Consensys, the software company established by Ethereum co-founder Joseph Lubin, has acquired struggling space startup Planetary Resources. The New York-based company said it will now operate its "space initiatives" out of Planetary Resources' former facility in Redmond, Washington. The two sides did not share the financial details of the asset-purchase transaction, but it is safe to assume Consensys didn't pay a lot.
When Planetary Resources was launched in 2012, the company promised to usher in an age of private entrepreneurship in the solar system. It said that it planned to expand humanity's access to metals and minerals worth trillions of dollars and received the backing of many notable tech figures, such as Google's Larry Page and Eric Schmidt. However, by the start of this year, the company had failed to secure much-needed additional funding, leading to its decision to downsize its workforce and indefinitely delay its first asteroid-prospecting mission. Now it will be up to Lubin to prove he can become the Elon Musk of the cryptocurrency world by reviving Planetary Resources.
"Bringing deep space capabilities into the Consensys ecosystem reflects our belief in the potential for Ethereum to help humanity craft new societal rule systems through automated trust and guaranteed execution," Lubin said. "And it reflects our belief in democratizing and decentralizing space endeavors to unite our species and unlock untapped human potential. We look forward to sharing our plans and how to join us on this journey in the months ahead."
Callaghan Innovation Supports Vimba
Auckland-based cryptocurrency investment platform Mycryptosaver has announced it is changing its name to Vimba. The rebranding decision coincides with the announcement that the New Zealand government's innovation arm, Callaghan Innovation, has agreed to back Vimba with R&D funding. The startup, which was originally founded as Mybitcoinsaver back in 2014, now claims to have 5,616 clients.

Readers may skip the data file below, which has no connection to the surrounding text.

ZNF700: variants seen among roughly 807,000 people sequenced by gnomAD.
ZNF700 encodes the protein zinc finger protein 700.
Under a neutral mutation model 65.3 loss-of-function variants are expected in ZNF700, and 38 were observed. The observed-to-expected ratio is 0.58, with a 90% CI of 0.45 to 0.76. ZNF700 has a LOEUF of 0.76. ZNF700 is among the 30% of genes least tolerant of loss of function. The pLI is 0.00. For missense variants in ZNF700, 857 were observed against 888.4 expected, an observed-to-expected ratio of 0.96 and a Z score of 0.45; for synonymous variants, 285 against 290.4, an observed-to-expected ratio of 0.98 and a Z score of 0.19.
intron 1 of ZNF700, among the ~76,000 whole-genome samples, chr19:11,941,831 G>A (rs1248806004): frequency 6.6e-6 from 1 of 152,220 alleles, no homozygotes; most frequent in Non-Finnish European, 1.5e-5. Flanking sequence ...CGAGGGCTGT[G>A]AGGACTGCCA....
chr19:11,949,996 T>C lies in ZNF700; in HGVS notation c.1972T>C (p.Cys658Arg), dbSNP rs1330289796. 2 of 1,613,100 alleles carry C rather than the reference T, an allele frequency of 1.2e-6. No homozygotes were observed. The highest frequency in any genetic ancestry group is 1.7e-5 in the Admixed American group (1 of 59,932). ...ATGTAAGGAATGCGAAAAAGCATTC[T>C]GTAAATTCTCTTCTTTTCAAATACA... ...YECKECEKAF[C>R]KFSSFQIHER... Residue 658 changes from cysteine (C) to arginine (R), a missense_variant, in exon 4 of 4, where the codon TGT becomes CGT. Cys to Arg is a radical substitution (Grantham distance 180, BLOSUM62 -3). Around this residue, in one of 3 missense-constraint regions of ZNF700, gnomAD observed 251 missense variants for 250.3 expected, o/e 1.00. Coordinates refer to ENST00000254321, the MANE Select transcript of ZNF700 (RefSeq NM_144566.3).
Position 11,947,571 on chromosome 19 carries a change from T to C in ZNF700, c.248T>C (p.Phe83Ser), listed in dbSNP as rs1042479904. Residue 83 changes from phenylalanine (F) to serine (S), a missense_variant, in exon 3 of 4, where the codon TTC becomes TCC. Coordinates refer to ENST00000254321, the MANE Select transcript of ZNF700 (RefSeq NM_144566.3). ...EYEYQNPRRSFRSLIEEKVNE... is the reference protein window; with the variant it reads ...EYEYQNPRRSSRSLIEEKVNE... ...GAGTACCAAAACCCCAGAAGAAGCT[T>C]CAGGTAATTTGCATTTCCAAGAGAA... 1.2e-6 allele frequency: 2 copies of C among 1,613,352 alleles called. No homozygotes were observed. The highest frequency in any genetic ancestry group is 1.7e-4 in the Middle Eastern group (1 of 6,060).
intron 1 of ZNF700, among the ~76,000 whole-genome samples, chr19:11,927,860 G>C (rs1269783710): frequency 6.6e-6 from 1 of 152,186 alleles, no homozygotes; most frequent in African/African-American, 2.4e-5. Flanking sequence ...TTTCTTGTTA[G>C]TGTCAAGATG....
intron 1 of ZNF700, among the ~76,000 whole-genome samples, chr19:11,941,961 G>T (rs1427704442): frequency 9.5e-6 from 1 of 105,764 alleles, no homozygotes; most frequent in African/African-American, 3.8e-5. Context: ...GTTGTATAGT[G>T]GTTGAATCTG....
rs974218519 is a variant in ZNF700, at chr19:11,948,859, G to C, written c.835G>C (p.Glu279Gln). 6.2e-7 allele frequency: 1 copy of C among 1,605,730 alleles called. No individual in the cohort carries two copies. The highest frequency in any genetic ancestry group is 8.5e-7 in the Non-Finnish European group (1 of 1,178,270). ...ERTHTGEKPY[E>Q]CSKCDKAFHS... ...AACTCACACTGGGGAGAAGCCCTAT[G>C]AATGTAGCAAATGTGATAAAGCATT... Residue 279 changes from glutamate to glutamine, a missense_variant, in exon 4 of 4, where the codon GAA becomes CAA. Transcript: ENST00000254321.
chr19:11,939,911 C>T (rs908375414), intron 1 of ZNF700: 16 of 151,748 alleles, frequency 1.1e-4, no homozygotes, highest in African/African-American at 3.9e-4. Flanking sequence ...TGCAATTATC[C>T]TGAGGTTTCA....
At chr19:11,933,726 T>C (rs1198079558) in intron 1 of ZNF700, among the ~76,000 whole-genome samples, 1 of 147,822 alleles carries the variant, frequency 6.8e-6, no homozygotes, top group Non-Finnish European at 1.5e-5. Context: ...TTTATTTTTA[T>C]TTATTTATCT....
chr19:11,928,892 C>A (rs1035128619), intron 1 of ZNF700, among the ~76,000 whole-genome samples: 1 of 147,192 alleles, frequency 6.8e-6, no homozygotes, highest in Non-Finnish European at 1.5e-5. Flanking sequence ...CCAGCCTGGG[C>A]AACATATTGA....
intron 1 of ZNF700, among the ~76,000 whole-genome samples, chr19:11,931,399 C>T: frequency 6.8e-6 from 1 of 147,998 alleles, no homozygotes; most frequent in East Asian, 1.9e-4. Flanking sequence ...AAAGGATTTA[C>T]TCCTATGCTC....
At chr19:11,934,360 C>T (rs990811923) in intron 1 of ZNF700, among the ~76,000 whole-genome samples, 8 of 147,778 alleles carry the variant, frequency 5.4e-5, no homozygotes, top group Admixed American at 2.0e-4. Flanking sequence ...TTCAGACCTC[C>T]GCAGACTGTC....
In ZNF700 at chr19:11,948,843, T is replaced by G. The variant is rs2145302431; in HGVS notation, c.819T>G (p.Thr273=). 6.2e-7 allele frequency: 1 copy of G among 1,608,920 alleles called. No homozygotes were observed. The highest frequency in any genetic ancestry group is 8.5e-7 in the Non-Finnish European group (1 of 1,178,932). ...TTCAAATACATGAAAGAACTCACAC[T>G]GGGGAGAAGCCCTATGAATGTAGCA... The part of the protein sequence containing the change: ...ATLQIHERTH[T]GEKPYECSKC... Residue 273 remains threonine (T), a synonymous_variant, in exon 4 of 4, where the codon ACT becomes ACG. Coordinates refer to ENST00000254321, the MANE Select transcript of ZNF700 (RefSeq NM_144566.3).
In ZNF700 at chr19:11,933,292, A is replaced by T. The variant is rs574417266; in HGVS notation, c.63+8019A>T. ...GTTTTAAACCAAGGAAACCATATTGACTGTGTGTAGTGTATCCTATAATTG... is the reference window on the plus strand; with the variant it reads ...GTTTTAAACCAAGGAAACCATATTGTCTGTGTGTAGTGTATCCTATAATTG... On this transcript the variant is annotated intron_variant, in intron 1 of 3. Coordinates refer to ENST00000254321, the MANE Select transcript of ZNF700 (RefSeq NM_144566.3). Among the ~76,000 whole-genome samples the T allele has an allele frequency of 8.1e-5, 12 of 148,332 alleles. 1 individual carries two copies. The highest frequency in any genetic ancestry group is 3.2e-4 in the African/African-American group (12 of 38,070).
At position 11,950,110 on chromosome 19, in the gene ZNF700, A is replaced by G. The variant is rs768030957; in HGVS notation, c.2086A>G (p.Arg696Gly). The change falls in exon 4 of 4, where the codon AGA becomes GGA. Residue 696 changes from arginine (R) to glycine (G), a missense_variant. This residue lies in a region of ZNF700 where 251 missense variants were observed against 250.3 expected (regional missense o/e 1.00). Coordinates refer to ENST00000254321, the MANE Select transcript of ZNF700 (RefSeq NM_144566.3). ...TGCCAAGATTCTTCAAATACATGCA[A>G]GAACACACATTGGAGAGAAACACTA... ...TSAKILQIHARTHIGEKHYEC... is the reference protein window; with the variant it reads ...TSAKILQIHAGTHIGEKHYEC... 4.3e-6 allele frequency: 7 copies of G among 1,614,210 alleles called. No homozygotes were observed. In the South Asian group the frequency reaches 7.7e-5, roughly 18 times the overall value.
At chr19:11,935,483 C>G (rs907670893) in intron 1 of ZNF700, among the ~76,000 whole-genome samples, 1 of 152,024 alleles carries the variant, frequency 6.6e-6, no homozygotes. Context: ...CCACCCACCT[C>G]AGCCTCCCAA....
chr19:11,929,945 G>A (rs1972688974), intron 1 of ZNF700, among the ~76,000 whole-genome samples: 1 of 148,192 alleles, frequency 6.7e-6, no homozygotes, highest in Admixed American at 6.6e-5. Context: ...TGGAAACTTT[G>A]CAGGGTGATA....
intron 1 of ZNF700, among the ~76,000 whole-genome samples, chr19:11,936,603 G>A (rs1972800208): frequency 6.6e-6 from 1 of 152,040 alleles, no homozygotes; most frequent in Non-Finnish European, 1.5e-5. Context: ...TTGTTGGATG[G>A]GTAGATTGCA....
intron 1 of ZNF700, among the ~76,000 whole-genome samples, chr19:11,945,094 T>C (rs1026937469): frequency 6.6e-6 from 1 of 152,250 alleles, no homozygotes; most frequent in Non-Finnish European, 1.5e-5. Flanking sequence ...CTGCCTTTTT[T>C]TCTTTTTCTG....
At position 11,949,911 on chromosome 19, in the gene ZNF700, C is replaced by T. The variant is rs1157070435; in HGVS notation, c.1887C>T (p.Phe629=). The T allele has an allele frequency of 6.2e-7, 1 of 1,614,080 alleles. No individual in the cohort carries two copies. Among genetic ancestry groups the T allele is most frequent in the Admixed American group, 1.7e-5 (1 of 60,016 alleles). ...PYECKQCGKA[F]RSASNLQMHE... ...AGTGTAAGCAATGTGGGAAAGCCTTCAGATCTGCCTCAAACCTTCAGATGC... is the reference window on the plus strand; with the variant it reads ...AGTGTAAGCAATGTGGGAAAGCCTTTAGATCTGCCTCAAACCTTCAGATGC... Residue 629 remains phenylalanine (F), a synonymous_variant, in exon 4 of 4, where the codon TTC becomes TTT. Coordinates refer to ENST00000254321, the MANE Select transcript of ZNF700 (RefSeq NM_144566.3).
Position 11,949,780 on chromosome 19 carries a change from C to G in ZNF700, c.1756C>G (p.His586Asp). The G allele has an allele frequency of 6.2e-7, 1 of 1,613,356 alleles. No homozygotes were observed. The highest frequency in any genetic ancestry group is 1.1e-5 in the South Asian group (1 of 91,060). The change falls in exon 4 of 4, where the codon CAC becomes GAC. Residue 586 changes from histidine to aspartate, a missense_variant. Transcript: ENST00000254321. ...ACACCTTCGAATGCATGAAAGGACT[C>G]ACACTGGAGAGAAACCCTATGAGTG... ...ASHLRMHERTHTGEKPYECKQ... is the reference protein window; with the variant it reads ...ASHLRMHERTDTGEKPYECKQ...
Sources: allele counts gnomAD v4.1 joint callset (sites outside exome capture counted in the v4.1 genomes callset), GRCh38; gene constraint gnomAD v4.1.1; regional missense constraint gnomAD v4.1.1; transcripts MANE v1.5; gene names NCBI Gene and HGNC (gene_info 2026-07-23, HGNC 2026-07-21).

"This is a truly significant investment from Callaghan Innovation and a real show of faith in the future of this very exciting asset class," Vimba CEO Sam Blackmore said. "The money will go towards new key features for our expanding service. We will use it to build secure multi-signature crypto wallets for our users and we're also looking into expanding the range of cryptocurrencies available to them — beyond bitcoin and ethereum."
After the investment was announced earlier this week, controversy erupted over reports that the government had spent taxpayers' money on a Bitcoin company. However, Vimba soon issued a clarification stating that Callaghan Innovation had only approved a grant for 40 percent of the estimated cost of one of its projects, which was valued at roughly 315,000 New Zealand dollars in total.